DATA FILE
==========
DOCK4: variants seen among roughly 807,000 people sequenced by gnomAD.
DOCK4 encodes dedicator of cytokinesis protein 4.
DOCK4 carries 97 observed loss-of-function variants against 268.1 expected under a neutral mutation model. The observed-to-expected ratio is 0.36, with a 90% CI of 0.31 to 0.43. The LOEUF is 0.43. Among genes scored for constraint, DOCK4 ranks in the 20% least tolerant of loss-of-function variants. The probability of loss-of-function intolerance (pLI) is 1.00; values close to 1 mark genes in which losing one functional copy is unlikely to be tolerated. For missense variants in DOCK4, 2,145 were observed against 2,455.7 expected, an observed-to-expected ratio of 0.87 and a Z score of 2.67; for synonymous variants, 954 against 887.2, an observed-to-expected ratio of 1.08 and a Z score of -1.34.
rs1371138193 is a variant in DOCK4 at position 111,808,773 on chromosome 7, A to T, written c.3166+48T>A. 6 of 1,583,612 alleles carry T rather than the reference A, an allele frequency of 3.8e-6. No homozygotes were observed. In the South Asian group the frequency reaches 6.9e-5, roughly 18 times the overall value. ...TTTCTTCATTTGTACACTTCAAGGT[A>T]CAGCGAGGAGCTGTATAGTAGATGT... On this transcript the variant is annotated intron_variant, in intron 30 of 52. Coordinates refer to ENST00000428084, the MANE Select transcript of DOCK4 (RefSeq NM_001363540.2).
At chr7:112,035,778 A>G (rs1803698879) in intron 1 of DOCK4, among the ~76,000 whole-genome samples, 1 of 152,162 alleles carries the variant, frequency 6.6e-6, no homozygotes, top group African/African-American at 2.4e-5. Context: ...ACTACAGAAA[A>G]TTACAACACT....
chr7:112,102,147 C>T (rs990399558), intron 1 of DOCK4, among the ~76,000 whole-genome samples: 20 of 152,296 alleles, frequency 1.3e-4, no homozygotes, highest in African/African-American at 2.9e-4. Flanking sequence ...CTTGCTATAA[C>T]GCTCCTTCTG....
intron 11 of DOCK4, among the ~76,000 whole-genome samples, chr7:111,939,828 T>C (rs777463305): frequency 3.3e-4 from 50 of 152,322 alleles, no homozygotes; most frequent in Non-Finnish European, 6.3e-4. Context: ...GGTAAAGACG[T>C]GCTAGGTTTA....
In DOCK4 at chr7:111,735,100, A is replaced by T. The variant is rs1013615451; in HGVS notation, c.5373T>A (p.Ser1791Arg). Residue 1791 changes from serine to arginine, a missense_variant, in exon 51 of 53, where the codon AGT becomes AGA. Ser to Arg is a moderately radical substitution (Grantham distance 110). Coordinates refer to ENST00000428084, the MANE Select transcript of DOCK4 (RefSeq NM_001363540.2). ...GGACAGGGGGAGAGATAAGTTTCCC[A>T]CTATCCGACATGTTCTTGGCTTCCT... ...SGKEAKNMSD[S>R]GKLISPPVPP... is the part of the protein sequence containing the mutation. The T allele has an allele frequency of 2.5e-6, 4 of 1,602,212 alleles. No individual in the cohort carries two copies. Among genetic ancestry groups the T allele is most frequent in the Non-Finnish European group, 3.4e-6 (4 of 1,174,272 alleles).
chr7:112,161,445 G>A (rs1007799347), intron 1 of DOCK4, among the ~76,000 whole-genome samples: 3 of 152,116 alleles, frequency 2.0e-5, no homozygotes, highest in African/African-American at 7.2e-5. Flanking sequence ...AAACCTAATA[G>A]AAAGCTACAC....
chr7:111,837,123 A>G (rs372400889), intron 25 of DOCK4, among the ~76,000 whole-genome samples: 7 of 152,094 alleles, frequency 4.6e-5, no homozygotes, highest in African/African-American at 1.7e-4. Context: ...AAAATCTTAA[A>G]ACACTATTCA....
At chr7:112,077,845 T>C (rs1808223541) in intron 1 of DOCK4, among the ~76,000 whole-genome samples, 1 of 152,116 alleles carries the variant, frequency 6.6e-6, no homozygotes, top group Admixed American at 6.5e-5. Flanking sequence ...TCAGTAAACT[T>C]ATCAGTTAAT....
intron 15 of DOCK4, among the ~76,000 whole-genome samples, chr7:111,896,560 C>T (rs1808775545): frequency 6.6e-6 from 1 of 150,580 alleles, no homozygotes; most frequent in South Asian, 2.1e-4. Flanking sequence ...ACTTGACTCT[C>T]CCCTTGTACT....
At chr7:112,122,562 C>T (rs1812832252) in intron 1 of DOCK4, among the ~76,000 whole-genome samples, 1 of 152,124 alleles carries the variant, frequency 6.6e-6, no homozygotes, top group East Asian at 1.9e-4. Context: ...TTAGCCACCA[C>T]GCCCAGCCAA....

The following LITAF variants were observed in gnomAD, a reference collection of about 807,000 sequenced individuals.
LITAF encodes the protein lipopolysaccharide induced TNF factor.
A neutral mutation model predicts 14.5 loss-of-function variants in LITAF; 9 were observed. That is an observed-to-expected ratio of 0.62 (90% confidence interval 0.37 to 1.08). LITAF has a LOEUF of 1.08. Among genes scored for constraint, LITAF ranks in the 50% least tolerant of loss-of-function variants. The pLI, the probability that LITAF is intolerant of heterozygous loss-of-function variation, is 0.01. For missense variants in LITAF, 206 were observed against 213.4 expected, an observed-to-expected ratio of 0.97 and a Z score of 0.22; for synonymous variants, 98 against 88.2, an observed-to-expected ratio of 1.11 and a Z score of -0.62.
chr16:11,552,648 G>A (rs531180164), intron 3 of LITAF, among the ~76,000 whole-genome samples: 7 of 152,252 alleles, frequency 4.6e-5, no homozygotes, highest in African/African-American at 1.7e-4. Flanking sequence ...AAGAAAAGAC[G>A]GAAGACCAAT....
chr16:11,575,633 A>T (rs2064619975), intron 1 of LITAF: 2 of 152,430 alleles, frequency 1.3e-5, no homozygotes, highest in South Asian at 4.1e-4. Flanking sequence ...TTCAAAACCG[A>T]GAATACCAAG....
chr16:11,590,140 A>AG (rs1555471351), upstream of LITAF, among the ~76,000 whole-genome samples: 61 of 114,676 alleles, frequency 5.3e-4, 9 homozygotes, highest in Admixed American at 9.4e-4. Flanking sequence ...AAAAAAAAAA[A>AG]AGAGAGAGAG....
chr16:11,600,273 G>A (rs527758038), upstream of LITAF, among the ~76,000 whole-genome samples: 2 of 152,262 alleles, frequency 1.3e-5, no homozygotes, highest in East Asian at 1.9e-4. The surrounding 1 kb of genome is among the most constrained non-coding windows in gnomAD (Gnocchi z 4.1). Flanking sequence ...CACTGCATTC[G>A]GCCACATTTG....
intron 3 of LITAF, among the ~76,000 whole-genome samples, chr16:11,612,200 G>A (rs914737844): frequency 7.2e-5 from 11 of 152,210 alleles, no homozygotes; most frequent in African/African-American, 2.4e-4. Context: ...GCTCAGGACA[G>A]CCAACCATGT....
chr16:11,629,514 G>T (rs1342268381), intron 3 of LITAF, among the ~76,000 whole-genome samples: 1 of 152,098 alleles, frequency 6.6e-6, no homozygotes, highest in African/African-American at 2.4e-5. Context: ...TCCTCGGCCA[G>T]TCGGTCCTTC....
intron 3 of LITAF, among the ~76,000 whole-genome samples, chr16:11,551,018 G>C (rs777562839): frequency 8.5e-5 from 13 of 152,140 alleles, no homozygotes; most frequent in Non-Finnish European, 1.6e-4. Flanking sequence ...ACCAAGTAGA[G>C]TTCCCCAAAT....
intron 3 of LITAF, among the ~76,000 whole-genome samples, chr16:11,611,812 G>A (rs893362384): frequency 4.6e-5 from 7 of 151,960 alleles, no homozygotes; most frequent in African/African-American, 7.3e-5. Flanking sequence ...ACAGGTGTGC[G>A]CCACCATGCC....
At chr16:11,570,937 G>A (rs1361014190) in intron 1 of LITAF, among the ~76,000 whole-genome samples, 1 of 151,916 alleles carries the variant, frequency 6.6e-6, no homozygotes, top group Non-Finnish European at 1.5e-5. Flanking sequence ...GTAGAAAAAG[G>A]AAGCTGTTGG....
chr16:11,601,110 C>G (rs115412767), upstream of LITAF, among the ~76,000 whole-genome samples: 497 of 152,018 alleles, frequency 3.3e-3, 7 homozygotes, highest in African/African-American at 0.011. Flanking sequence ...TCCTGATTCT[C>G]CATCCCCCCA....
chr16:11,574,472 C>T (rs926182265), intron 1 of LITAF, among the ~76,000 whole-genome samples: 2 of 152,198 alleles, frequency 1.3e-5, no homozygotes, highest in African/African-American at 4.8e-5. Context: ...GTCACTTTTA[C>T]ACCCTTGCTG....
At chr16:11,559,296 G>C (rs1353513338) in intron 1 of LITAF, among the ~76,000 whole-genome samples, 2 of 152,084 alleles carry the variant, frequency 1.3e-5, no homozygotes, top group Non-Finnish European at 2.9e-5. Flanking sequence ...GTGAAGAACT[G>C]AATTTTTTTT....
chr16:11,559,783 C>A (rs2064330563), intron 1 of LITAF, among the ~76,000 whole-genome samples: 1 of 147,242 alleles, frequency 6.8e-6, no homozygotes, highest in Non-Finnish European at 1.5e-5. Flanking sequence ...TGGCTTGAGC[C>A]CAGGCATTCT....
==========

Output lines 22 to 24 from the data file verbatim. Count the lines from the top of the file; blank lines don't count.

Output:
chr16:11,629,514 G>T (rs1342268381), intron 3 of LITAF, among the ~76,000 whole-genome samples: 1 of 152,098 alleles, frequency 6.6e-6, no homozygotes, highest in African/African-American at 2.4e-5. Context: ...TCCTCGGCCA[G>T]TCGGTCCTTC....
intron 3 of LITAF, among the ~76,000 whole-genome samples, chr16:11,551,018 G>C (rs777562839): frequency 8.5e-5 from 13 of 152,140 alleles, no homozygotes; most frequent in Non-Finnish European, 1.6e-4. Flanking sequence ...ACCAAGTAGA[G>C]TTCCCCAAAT....
intron 3 of LITAF, among the ~76,000 whole-genome samples, chr16:11,611,812 G>A (rs893362384): frequency 4.6e-5 from 7 of 151,960 alleles, no homozygotes; most frequent in African/African-American, 7.3e-5. Flanking sequence ...ACAGGTGTGC[G>A]CCACCATGCC....